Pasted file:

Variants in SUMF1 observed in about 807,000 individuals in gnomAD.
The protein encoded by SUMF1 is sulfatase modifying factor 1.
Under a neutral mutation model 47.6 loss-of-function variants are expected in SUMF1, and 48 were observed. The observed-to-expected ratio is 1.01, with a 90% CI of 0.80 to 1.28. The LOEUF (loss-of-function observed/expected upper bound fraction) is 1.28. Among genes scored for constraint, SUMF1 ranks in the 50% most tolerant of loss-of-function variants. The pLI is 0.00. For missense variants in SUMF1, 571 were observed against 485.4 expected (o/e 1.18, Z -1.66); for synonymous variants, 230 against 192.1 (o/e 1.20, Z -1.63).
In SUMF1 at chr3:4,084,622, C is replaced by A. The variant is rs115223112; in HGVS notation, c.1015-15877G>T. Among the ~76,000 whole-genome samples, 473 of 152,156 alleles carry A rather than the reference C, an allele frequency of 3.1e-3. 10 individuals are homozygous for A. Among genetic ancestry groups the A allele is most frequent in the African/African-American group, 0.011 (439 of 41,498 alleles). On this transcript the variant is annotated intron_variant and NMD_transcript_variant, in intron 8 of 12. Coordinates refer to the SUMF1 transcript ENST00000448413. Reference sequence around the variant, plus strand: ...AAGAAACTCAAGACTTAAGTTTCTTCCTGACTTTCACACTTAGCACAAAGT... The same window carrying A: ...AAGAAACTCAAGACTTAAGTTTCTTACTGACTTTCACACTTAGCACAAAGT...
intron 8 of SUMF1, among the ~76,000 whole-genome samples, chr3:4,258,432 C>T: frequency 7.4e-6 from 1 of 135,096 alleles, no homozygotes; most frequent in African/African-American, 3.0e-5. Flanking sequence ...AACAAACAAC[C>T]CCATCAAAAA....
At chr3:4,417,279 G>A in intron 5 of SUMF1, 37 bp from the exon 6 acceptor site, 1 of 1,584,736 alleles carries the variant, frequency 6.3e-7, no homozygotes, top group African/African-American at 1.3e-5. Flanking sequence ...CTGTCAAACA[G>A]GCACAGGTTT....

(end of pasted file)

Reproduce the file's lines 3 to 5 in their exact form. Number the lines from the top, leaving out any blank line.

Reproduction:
Under a neutral mutation model 47.6 loss-of-function variants are expected in SUMF1, and 48 were observed. The observed-to-expected ratio is 1.01, with a 90% CI of 0.80 to 1.28. The LOEUF (loss-of-function observed/expected upper bound fraction) is 1.28. Among genes scored for constraint, SUMF1 ranks in the 50% most tolerant of loss-of-function variants. The pLI is 0.00. For missense variants in SUMF1, 571 were observed against 485.4 expected (o/e 1.18, Z -1.66); for synonymous variants, 230 against 192.1 (o/e 1.20, Z -1.63).
In SUMF1 at chr3:4,084,622, C is replaced by A. The variant is rs115223112; in HGVS notation, c.1015-15877G>T. Among the ~76,000 whole-genome samples, 473 of 152,156 alleles carry A rather than the reference C, an allele frequency of 3.1e-3. 10 individuals are homozygous for A. Among genetic ancestry groups the A allele is most frequent in the African/African-American group, 0.011 (439 of 41,498 alleles). On this transcript the variant is annotated intron_variant and NMD_transcript_variant, in intron 8 of 12. Coordinates refer to the SUMF1 transcript ENST00000448413. Reference sequence around the variant, plus strand: ...AAGAAACTCAAGACTTAAGTTTCTTCCTGACTTTCACACTTAGCACAAAGT... The same window carrying A: ...AAGAAACTCAAGACTTAAGTTTCTTACTGACTTTCACACTTAGCACAAAGT...
intron 8 of SUMF1, among the ~76,000 whole-genome samples, chr3:4,258,432 C>T: frequency 7.4e-6 from 1 of 135,096 alleles, no homozygotes; most frequent in African/African-American, 3.0e-5. Flanking sequence ...AACAAACAAC[C>T]CCATCAAAAA....